New Settlement Guarantees the Right to Legal Counsel for Abused and Neglected Children in DeKalb County, Georgia

ATLANTA, GA — A new settlement agreement was announced today in the Kenny A. v. Perdue civil rights class action lawsuit to reform the Georgia child welfare system. The agreement requires the DeKalb County government, the second largest in the state, to provide “adequate and effective” legal representation to all abused and neglected children who come under the jurisdiction of the DeKalb County Juvenile Court in Atlanta. A similar settlement was announced with Fulton County last month, also part of the Kenny A. lawsuit.

“In a dramatic turn from just a few years ago, every one of these children will now have their own lawyer with the time and skills to zealously help protect them while in state custody,” said Ira Lustbader, associate director of Children’s Rights, the national child advocacy organization that filed the Kenny A. lawsuit in 2002. “This is a major improvement to the system.”

In February 2005, Senior U.S. District Court Judge Marvin Shoob issued a landmark ruling that abused and neglected children in Georgia have a constitutional right to legal representation at every stage of their experience in state custody. Judge Shoob’s decision paved the way for the settlement announced today with DeKalb County and the Fulton County settlement in February.

The “right to counsel” settlements with DeKalb and Fulton Counties enhance the protections in an October 2005 consent decree negotiated with Georgia state officials in the same Kenny A. lawsuit. In the state settlement, lawyers for the plaintiff children sought and won systemic reform and greatly increased safety protections and services for approximately 3,000 children in the child welfare system in both Fulton and DeKalb (metro Atlanta), including limits on caseloads of case workers assigned to children and guaranteed medical, dental and mental health screenings and treatment. The claims against the DeKalb and Fulton County governments for failing to provide adequate and effective legal counsel to abused and neglected children were pursued in tandem with the claims against state officials to improve child welfare services and safety.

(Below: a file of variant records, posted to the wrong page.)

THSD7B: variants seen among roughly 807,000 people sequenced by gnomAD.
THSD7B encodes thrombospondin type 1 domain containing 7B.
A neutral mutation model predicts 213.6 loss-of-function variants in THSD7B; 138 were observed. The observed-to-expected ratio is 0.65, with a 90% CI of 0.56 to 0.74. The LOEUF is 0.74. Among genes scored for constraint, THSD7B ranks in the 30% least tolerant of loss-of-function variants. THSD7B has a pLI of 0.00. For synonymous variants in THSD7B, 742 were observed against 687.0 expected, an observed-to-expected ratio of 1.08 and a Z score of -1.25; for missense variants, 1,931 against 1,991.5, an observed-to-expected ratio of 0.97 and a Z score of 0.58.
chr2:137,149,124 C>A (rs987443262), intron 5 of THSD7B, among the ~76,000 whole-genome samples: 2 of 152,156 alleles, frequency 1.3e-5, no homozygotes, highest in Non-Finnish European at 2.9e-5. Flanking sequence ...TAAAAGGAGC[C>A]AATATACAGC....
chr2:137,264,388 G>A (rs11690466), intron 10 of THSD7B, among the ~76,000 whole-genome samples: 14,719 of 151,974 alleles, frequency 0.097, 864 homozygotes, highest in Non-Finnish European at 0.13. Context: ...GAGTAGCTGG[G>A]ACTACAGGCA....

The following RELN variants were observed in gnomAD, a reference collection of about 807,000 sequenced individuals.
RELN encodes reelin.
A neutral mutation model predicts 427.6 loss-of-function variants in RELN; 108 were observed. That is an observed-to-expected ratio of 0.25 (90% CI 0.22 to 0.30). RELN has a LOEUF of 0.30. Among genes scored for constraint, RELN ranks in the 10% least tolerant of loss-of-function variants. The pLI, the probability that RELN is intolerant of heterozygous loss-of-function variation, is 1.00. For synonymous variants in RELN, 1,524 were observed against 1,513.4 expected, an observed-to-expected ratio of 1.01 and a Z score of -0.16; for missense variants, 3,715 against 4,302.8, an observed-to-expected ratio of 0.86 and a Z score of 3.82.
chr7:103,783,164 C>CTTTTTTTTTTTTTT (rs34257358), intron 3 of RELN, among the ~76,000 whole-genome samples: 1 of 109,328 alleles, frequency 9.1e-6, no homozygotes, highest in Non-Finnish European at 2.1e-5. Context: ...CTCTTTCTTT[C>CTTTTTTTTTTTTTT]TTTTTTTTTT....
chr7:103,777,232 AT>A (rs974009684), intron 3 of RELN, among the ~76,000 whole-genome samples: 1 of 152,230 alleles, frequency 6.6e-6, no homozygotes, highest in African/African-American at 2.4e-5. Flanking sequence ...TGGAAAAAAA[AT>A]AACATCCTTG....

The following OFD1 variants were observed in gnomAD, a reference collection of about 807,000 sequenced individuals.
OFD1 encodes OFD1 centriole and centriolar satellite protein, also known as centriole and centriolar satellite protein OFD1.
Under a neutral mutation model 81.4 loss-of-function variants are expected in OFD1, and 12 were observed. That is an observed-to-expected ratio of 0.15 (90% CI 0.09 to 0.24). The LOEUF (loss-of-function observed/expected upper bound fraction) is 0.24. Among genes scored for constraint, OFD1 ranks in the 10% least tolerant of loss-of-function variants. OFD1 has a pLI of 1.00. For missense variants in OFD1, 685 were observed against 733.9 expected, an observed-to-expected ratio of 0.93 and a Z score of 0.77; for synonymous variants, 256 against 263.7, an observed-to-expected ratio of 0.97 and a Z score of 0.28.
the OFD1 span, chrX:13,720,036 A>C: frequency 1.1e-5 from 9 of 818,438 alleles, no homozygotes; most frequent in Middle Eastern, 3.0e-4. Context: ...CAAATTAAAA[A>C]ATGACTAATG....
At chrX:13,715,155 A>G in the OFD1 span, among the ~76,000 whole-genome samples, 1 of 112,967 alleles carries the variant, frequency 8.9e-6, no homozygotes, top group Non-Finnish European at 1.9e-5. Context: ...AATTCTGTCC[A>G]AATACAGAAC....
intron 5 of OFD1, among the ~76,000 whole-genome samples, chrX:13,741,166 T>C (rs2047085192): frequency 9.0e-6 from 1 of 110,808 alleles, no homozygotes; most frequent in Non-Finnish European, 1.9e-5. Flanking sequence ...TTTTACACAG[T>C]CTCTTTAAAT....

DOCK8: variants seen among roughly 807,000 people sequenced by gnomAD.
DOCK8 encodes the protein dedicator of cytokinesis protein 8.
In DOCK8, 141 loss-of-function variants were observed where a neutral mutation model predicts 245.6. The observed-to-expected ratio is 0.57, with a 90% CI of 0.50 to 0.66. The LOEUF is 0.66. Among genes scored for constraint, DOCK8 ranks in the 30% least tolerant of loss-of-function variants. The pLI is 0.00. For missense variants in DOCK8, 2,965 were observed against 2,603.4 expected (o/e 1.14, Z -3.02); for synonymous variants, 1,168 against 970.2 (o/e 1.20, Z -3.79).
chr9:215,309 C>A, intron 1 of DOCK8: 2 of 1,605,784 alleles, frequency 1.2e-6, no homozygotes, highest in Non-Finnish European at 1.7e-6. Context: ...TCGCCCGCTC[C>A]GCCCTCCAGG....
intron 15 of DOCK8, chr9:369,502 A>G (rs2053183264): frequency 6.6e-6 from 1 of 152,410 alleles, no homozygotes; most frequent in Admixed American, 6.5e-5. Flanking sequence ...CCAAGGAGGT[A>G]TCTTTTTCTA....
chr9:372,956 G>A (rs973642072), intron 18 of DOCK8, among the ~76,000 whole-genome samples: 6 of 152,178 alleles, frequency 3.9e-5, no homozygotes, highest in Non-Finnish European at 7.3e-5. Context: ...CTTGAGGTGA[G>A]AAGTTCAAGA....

“You cannot understate the value of individual lawyers for these children, especially in the historically dangerous and poorly performing child welfare system in Atlanta,” said Erik S. Pitchal, Director of the Fordham University Interdisciplinary Center for Family & Child Advocacy in New York and one of the lawyers for the Plaintiffs in theKenny A. case.

The settlement with DeKalb County creates a cap on the caseload of any individual lawyer representing children at no more than 130 children per lawyer. Under the settlement, DeKalb County will more than double its full time attorney staff from four to nine within 120 days, and will hire two more by March of 2007. The settlement with DeKalb County also spells out in detail the lawyers’ responsibilities, including establishing contact with the child, attending court appearances, filing necessary legal papers, advocating for the child’s interests, and staying informed of the child’s needs and status in foster care.

Under the settlement, Atlanta attorney Karen Baynes will serve as the Court-appointed monitor to document the county’s performance and issue public reports every six months. Plaintiffs can bring DeKalb County back to Court to enforce the agreement if children are not receiving adequate legal counsel.

If the “right to counsel” settlements with DeKalb and Fulton Counties are approved by the court after a “fairness hearing” scheduled for May 16, 2006, it will complete the settlement of all claims in the Kenny A. lawsuit.

“We got involved in this lawsuit to help bring rapid improvement in the lives of some of Atlanta’s most vulnerable citizens,” said Corey Hirokawa, a lawyer at the Atlanta firm of Bondurant, Mixson and Elmore, co-counsel in the case along with Children’s Rights. “If DeKalb and Fulton Counties, along with state officials, comply with their many obligations in these settlements, these children’s lives will improve.”

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Chris Iseli or Brooks Halliday // 212.683.2210